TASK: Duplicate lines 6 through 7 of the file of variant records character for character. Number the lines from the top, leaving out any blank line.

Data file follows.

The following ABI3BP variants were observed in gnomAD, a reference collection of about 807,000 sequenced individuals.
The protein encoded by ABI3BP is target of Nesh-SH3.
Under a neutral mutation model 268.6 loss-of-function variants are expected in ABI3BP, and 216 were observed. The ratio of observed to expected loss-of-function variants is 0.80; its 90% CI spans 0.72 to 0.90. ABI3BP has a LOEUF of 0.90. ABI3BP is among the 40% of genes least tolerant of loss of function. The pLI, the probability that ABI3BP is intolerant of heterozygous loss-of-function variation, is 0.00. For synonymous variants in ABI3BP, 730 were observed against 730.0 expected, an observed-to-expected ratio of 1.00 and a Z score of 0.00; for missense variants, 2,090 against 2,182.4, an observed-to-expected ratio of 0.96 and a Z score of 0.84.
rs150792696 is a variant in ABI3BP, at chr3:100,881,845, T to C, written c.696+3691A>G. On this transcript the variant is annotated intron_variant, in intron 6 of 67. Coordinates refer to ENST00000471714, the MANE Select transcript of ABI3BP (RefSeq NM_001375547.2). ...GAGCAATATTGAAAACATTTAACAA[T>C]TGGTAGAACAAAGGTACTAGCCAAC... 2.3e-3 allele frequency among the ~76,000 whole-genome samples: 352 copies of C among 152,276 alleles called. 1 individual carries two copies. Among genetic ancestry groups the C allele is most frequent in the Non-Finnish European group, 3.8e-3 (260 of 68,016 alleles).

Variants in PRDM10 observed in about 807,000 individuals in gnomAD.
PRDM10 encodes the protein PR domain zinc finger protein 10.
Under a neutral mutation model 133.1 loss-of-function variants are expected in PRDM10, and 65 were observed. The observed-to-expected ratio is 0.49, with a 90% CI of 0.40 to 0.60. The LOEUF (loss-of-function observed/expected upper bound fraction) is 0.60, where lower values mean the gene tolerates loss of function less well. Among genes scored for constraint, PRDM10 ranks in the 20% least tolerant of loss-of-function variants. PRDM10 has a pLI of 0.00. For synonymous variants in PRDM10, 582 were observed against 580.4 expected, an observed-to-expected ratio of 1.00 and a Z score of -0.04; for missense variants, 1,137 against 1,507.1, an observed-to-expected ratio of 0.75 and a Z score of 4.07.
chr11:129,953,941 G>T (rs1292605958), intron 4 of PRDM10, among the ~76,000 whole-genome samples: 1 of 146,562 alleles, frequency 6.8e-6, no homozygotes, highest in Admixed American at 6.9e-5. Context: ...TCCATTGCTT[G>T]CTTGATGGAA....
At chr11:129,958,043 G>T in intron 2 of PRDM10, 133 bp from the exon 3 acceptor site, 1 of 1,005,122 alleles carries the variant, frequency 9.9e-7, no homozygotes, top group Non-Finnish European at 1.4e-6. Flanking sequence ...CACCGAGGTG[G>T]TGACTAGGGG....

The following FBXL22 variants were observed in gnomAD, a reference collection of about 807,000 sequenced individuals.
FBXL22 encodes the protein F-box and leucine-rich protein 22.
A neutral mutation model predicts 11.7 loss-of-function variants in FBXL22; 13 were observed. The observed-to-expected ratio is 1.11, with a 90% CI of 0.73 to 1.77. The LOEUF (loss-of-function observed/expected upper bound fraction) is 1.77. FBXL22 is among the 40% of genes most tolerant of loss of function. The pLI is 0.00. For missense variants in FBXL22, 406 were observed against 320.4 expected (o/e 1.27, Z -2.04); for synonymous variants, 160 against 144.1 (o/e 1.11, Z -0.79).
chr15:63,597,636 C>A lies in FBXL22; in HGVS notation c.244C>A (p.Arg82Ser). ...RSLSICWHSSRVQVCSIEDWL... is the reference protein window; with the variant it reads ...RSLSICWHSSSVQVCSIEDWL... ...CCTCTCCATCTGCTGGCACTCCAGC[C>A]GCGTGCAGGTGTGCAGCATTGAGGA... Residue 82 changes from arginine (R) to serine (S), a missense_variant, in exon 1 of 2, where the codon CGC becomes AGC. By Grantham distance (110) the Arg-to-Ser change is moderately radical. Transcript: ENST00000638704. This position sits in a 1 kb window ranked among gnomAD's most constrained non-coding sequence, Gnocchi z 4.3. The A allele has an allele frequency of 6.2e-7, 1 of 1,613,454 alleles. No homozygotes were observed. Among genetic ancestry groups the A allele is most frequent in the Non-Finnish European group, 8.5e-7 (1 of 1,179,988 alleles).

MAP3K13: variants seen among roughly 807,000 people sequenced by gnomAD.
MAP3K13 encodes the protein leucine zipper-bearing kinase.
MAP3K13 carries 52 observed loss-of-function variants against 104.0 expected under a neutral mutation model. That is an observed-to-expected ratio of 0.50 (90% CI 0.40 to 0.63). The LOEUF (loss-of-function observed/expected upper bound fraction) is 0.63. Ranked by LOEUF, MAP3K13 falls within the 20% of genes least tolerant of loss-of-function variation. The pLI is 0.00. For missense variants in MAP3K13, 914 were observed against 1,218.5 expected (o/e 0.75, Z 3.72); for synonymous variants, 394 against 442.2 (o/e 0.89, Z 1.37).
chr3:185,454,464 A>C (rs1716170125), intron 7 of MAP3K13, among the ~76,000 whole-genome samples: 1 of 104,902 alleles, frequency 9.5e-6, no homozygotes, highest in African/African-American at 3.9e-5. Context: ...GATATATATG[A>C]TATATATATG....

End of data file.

PRDM10 encodes the protein PR domain zinc finger protein 10.
Under a neutral mutation model 133.1 loss-of-function variants are expected in PRDM10, and 65 were observed. The observed-to-expected ratio is 0.49, with a 90% CI of 0.40 to 0.60. The LOEUF (loss-of-function observed/expected upper bound fraction) is 0.60, where lower values mean the gene tolerates loss of function less well. Among genes scored for constraint, PRDM10 ranks in the 20% least tolerant of loss-of-function variants. PRDM10 has a pLI of 0.00. For synonymous variants in PRDM10, 582 were observed against 580.4 expected, an observed-to-expected ratio of 1.00 and a Z score of -0.04; for missense variants, 1,137 against 1,507.1, an observed-to-expected ratio of 0.75 and a Z score of 4.07.